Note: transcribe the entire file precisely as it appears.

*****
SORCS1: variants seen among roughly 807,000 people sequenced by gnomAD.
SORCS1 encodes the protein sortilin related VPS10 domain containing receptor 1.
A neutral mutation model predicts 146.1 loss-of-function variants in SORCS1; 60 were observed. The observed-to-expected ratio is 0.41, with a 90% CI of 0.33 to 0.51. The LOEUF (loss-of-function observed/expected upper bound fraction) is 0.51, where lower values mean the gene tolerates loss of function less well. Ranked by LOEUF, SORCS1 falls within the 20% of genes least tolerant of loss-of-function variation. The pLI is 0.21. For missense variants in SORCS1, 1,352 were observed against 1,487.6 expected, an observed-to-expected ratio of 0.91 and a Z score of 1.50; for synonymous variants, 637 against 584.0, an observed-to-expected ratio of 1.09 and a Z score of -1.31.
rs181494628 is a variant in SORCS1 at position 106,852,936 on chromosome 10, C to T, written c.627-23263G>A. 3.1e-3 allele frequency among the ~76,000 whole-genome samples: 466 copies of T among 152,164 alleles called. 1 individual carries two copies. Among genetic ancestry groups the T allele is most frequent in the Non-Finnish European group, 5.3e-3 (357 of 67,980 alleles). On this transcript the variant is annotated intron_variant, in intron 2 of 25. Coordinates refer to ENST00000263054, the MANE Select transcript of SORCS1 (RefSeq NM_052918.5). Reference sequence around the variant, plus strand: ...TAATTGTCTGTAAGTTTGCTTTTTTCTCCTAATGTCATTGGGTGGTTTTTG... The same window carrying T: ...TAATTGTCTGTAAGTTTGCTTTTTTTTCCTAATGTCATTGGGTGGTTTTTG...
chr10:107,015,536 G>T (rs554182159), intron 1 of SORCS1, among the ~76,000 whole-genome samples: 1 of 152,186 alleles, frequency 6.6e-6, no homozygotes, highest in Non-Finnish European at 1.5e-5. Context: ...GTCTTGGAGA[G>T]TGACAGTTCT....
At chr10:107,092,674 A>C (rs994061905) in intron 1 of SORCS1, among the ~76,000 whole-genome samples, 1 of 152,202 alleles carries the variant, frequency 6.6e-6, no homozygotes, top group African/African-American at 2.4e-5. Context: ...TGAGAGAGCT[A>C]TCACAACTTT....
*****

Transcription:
SORCS1: variants seen among roughly 807,000 people sequenced by gnomAD.
SORCS1 encodes the protein sortilin related VPS10 domain containing receptor 1.
A neutral mutation model predicts 146.1 loss-of-function variants in SORCS1; 60 were observed. The observed-to-expected ratio is 0.41, with a 90% CI of 0.33 to 0.51. The LOEUF (loss-of-function observed/expected upper bound fraction) is 0.51, where lower values mean the gene tolerates loss of function less well. Ranked by LOEUF, SORCS1 falls within the 20% of genes least tolerant of loss-of-function variation. The pLI is 0.21. For missense variants in SORCS1, 1,352 were observed against 1,487.6 expected, an observed-to-expected ratio of 0.91 and a Z score of 1.50; for synonymous variants, 637 against 584.0, an observed-to-expected ratio of 1.09 and a Z score of -1.31.
rs181494628 is a variant in SORCS1 at position 106,852,936 on chromosome 10, C to T, written c.627-23263G>A. 3.1e-3 allele frequency among the ~76,000 whole-genome samples: 466 copies of T among 152,164 alleles called. 1 individual carries two copies. Among genetic ancestry groups the T allele is most frequent in the Non-Finnish European group, 5.3e-3 (357 of 67,980 alleles). On this transcript the variant is annotated intron_variant, in intron 2 of 25. Coordinates refer to ENST00000263054, the MANE Select transcript of SORCS1 (RefSeq NM_052918.5). Reference sequence around the variant, plus strand: ...TAATTGTCTGTAAGTTTGCTTTTTTCTCCTAATGTCATTGGGTGGTTTTTG... The same window carrying T: ...TAATTGTCTGTAAGTTTGCTTTTTTTTCCTAATGTCATTGGGTGGTTTTTG...
chr10:107,015,536 G>T (rs554182159), intron 1 of SORCS1, among the ~76,000 whole-genome samples: 1 of 152,186 alleles, frequency 6.6e-6, no homozygotes, highest in Non-Finnish European at 1.5e-5. Context: ...GTCTTGGAGA[G>T]TGACAGTTCT....
At chr10:107,092,674 A>C (rs994061905) in intron 1 of SORCS1, among the ~76,000 whole-genome samples, 1 of 152,202 alleles carries the variant, frequency 6.6e-6, no homozygotes, top group African/African-American at 2.4e-5. Context: ...TGAGAGAGCT[A>C]TCACAACTTT....